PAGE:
Take the 2-minute tour ×
Mathematics Stack Exchange is a question and answer site for people studying math at any level and professionals in related fields. It's 100% free, no registration required.

In a course, my teacher told us that the following integral is convergent and used the comparison test to prove it; my question is how to find the antiderivative in closed form? It seems to exist; if, however, it doesn't exist, can someone prove it?

$$\int\sqrt{\dfrac1{1+x^3}}\mathrm dx$$

share|improve this question
What do you mean by "exists"? To clarify, the antiderivative is a function, you can compute its values at various points (so long as you specify $C$), but not a so-called "elementary" function (the kind of functions you are probably used to). –  Alex Becker Apr 17 '11 at 4:53
If anybody's interested, I'll write up the way to derive the solution in terms of elliptic integrals. Mathematica's results are damned messy... –  J. M. Apr 17 '11 at 5:02
@J.M.- I will be more than interested to see this integral in action in an analytical method of solving. Thanks. –  night owl Apr 17 '11 at 5:16
I'll give the details later... but here's the analytical solution: $$\frac1{\sqrt[4]{3}}F\left(\arccos\left(\frac{2\sqrt{3}}{1+\sqrt{3}+x}-1\right)‌​\mid\frac{2+\sqrt{3}}{4}\right)$$ –  J. M. Apr 17 '11 at 5:36
@awllower: The final result is expressed in terms of "elliptic integrals", not "elliptic functions"; however, one can use elliptic functions to derive the elliptic integral result (which is what I did). –  J. M. Apr 17 '11 at 16:19

1 Answer 1

up vote 16 down vote accepted

The first thing to do is to note that


(one real and two complex conjugate roots). Using Jacobian elliptic functions requires having a quartic within the square root (the alternative of using Weierstrass elliptic functions is fine with square roots of cubics, but I'll leave that approach to someone else); the good thing is that by choosing a proper Möbius transformation, one can turn a cubic into a quartic (the algebraic geometers here might want to say a bit more than I have).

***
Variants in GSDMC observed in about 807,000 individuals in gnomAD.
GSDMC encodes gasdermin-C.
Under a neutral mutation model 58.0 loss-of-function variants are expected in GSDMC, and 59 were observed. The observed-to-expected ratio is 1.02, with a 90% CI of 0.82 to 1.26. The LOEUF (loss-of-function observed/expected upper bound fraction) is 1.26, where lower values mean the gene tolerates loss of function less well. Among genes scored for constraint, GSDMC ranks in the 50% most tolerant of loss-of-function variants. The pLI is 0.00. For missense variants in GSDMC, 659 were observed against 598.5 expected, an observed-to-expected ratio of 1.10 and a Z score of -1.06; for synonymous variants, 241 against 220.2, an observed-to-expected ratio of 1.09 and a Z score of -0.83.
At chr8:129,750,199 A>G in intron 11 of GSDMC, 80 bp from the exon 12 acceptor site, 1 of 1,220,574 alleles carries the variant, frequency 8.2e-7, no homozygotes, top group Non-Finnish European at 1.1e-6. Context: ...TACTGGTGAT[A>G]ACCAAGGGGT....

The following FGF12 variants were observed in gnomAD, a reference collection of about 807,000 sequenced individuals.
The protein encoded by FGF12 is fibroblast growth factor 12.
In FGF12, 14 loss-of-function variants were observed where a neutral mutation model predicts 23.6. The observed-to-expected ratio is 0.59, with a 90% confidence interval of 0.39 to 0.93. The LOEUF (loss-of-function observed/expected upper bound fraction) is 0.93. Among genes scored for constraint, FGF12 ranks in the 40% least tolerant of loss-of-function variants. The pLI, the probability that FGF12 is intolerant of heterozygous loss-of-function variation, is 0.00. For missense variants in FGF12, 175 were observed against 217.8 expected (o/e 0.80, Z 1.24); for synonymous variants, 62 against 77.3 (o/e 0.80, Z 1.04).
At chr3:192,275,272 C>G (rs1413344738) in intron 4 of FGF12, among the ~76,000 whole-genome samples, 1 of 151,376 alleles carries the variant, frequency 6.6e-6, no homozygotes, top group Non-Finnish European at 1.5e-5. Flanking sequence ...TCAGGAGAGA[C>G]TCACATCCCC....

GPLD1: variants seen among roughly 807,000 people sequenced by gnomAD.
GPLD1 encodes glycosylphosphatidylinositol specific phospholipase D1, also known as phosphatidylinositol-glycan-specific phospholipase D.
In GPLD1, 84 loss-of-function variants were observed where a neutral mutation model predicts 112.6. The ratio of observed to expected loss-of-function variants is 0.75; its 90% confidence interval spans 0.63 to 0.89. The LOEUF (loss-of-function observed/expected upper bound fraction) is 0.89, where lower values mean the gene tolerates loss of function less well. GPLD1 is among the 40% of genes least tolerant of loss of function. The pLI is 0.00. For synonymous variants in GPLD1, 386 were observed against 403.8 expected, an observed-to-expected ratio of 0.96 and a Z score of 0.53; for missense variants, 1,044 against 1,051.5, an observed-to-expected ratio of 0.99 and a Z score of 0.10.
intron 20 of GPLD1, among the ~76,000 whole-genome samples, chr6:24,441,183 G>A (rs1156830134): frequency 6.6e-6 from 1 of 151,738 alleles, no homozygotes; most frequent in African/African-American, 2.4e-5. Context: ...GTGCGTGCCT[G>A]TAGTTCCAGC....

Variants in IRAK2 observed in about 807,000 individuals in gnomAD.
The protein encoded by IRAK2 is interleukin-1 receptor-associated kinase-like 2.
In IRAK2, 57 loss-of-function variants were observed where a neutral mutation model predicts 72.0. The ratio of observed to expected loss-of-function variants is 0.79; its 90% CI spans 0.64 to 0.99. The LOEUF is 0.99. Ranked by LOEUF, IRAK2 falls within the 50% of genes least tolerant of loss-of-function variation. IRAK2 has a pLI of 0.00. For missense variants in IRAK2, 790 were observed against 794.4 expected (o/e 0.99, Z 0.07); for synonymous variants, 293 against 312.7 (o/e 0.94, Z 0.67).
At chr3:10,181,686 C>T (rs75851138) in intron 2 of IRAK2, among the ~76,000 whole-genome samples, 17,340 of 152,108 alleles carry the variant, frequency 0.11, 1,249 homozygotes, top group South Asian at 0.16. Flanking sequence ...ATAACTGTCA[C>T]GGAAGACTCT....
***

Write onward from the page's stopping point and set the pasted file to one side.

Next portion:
For the integral in question, the Möbius substitution needed is $x=\frac{-1+\sqrt{(-1)^2-(-1)+1}+(-1-\sqrt{(-1)^2-(-1)+1})v}{1+v}=\frac{2\sqrt{3}}{1+v}-(1+\sqrt{3})$; we then have

$$\int\frac{\mathrm dx}{\sqrt{x^3+1}}=-2\int\frac{\mathrm dv}{\sqrt{(1-v^2)(2\sqrt{3}-3+(2\sqrt{3}+3)v^2)}}$$

At this point, making use of the Jacobian elliptic function identity $\mathrm{sn}^2(u|m)+\mathrm{cn}^2(u|m)=1$ (nothing more than the usual Pythagorean identity in elliptic function garb), we could make either of the substitutions $v=\mathrm{sn}(u|m)$ or $v=\mathrm{cn}(u|m)$. The latter is a bit more convenient, since $\mathrm dv=-\mathrm{sn}(u|m)\mathrm{dn}(u|m)\mathrm du$, which can conveniently get rid of the negative sign in the integral. Thus, the integral turns into

$$2\int\frac{\mathrm{sn}(u|m)\mathrm{dn}(u|m)\mathrm du}{\sqrt{(1-\mathrm{cn}^2(u|m))(2\sqrt{3}-3+(2\sqrt{3}+3)\mathrm{cn}^2(u|m))}}$$

or (by using the Pythagorean identity)

$$2\int\frac{\mathrm{dn}(u|m)\mathrm du}{\sqrt{2\sqrt{3}-3+(2\sqrt{3}+3)\mathrm{cn}^2(u|m)}}$$

Here, one now chooses a proper value of $m$ such that the integrand reduces to a constant. Skipping the details, we let $m=\frac{2+\sqrt{3}}{4}$ such that

$$2\int\frac{\mathrm{dn}(u|m)\mathrm du}{\sqrt{2\sqrt{3}-3+(2\sqrt{3}+3)\mathrm{cn}^2(u|m)}}=\int\frac{\mathrm du}{\sqrt[4]{3}}$$

To undo the substitutions, we note that $u=F(\arccos(v)|m)$ and $v=\frac{2\sqrt{3}}{1+\sqrt{3}+x}-1$, giving the final result

$$\int\frac{\mathrm dx}{\sqrt{x^3+1}}=\frac1{\sqrt[4]{3}}F\left(\arccos\left(\frac{2\sqrt{3}}{1+\sqrt{3}+x}-1\right)\mid\frac{2+\sqrt{3}}{4}\right)+C$$

This result can be verified by differentiating the right hand side (remember that $\frac{\mathrm d}{\mathrm d\phi}F(\phi|m)=\frac1{\sqrt{1-m\sin^2\phi}}$) and noting that it is the same as the integrand.

share|improve this answer
Could you recommend a book containing the special functions and integration techniques you're using? These things have always been sort of a mystery to me. –  t.b. Apr 18 '11 at 9:45
@Theo: at least for the elliptic integrals, I got my bag of tricks from Byrd/Friedman; I have to admit I'm still actively learning the tricks myself since one of my recent projects involves a great deal of elliptic integral manipulations. –  J. M. Apr 18 '11 at 9:48
Also, I have been told that it might be more profitable to do manipulations with the Carlson symmetric elliptic integrals instead, but I have yet to study the requisite papers by Carlson. –  J. M. Apr 18 '11 at 9:52
Thanks a lot. I'll check this book out, the big G doesn't let me have a peek, so I've ordered it in the library. Good luck with your project! (Ah, I didn't see your second comment before posting, thanks for that, too.) –  t.b. Apr 18 '11 at 9:55
Thanks a lot, @J.M.It really helps me a lot. –  awllower Apr 19 '11 at 8:19

Your Answer


By posting your answer, you agree to the privacy policy and terms of service.

Not the answer you're looking for? Browse other questions tagged or ask your own question.